Dear Diary, I am making a film. Does that make me a filmmaker? I'm not sure how this all started.
I guess it began back in August last year when I traveled from Virginia to New York to go to that blogging conference. I wasn’t much of a blogger, really. I was mostly unemployed, living in a dank hunting cabin that was infested with stink bugs and a rowdy squirrel family, and feeling mixed up about my next step in life.
I had hoped the cabin would help me make progress towards my goals. I hoped blogging would magically make me more dillegent in my writing practice. I hoped I would find a way to get out of coffee shop and retail jobs for good. The blogging conference was my first real step towards what I wanted to be doing with my time.
Don’t get me wrong, Diary. There’s nothing wrong with working in retail or pulling shots of espresso to get by. I still work in the service industry to pay rent. It was just that I didn’t know how to balance that work with the work I wanted to be doing in writing and filmmaking. The cabin gave me time to apply to writing residencies. It gave me the safe feeling I needed to share my work with someone other than my writing partner.
My time at the cabin also gave me some perspective on other work I had done that hadn’t been a good fit. I had worked as a production assistant on commercials, documentary films, industrials, and reality shows. But I think it was a safety net to work those kinds of jobs. I wanted to be close to filmmaking, but I never actually made any films. I was close to something I loved, but not actually embracing it full on. I enjoyed working in production but I wasn’t sure it was helping me find my voice. It wasn't much different than working at a coffee shop or in retail.
At the blogging conference, just like when I had worked on production gigs, I struggled to explain my story. I was a complete failure at “branding” myself in a way that made any sense or felt honest. Freelance production assistant/barista/salesperson? Aspiring director/editor/ writer? I didn’t know what I was about, let alone what my blog was about. Was it about my move to the cabin? About my budding interest in food? My pets?
It mostly became about my pets.
I had a hard time connecting with people at the conference because I was so confused by my own blog. One person I did connect with was Lisa Weldon. We met at a small group session about writing book proposals based on personal blogs. The content of the workshop went in one ear and out the other, but Lisa’s story stayed with me. After the session I introduced myself and wrote a little note on a piece of paper with my contact information since I didn’t have any business cards. I also wrote “you’re awesome!” because, well, she is.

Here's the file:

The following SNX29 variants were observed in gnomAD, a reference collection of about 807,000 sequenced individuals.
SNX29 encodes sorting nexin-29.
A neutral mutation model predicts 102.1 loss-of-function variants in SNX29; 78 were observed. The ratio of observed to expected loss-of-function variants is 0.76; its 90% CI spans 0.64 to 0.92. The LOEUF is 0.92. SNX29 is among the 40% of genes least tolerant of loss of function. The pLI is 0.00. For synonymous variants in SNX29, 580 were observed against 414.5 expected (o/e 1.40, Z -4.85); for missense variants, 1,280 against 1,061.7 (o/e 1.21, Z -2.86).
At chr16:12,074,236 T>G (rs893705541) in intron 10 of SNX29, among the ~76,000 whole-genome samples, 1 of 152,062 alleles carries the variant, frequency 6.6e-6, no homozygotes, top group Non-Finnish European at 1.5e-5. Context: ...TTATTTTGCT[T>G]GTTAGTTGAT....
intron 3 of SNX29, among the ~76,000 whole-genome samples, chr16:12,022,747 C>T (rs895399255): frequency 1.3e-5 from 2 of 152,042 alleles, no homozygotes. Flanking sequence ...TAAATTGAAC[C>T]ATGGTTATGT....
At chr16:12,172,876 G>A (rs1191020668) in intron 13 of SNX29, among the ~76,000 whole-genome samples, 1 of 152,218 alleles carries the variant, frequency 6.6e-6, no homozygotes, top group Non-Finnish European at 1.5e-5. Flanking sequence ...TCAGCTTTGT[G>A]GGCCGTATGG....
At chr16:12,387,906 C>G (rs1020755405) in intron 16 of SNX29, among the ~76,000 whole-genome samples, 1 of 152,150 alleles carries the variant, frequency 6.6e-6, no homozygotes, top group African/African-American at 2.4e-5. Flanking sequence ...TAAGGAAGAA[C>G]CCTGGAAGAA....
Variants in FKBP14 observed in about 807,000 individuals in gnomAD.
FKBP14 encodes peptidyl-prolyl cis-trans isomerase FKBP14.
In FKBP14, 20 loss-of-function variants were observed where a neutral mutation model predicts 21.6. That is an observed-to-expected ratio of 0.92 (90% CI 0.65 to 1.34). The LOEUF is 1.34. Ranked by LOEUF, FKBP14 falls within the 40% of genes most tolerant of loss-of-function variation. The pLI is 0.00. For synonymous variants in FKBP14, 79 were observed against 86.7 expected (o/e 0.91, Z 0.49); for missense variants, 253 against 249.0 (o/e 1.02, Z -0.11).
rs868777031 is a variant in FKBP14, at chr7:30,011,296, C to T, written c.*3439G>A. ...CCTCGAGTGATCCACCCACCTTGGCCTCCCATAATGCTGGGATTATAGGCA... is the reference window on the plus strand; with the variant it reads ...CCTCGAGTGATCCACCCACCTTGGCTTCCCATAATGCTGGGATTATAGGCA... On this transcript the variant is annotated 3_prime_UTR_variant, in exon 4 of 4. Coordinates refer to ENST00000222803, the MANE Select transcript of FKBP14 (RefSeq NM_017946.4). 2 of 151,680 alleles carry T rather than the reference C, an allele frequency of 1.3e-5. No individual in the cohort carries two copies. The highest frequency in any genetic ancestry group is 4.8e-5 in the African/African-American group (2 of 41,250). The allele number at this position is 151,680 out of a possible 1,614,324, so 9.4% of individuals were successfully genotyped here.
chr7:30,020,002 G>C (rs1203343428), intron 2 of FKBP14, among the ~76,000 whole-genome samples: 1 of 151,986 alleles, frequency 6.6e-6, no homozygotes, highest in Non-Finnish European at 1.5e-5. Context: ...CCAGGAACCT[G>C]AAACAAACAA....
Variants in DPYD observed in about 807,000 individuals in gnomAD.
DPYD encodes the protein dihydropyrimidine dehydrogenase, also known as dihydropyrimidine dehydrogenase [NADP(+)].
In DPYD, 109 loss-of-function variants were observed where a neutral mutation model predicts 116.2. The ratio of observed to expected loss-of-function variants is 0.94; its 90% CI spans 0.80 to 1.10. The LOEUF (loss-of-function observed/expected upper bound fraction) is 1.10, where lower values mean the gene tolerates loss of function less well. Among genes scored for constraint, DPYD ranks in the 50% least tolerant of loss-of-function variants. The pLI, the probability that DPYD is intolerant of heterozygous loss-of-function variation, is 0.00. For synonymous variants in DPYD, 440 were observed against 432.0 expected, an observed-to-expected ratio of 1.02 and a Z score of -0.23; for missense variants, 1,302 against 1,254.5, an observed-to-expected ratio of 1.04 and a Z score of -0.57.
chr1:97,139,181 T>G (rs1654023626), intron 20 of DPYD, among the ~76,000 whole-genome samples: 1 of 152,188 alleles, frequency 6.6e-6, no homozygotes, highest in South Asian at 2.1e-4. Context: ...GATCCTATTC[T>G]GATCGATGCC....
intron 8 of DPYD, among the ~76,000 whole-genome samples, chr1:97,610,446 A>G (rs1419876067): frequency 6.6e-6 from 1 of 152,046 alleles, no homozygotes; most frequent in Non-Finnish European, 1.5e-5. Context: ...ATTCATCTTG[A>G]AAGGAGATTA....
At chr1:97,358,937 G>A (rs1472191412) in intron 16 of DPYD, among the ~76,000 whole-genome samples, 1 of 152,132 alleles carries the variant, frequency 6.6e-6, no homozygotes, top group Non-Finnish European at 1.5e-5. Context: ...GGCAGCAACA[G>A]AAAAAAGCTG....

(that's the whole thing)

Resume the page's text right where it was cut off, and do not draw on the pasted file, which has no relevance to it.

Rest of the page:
After a few weeks back at the cabin thinking about why I liked Lisa’s story so much, I emailed her and asked if I could write a screenplay about her experience. Lisa had walked every block in New York City the summer before and mastered social media in the process. She said yes.
Eventually I realized that reaching out to Lisa about her story was also a security blanket of sorts. I thought if I wrote about a compelling story that had really happened I’d have justification to write a screenplay. None of my own ideas could be good enough for a script, I figured, I needed someone else to help me along.
Lisa encouraged my writing through emails and calls. We even hung out in her hometown of Atlanta so I could do research for the screenplay. But then a funny thing happened. The story stopped being mostly about Lisa’s trip to New York two years ago, and started being about our relationship. We sent each other drafts of stories, sample chapters, and general positive vibes about our respective creative ventures. We stopped talking about the screenplay, and started talking about a documentary.
Now, almost eight months later, I’m almost halfway through with a short documentary — my first film — about Lisa and a few other talented people who shaped my time at the cabin.
I find it hard to think about what the filmmaking process has been like so far.
This is all I can think of:
At the cabin I used to sit on a concrete bench beneath a rotting old walnut tree. I’d look out across the flood plain and watch deer flicker through the trees. I would watch groundhogs perk up on their hind feet, nibbling grass and rolling their wary glistening eyeballs back and forth across the field. I’d watch birds, those bright little singing kites, gliding through currents of sky.
Making my first film feels something like watching a wild animal from far away. Maybe it's the not knowing what will happen next. Sometimes the deer disappear into the trees, other times they freeze, heads perked up like the wary groundhogs. And sometimes the birds take off over the ridge and soar higher into the clouds, higher than you'd think a bird could go.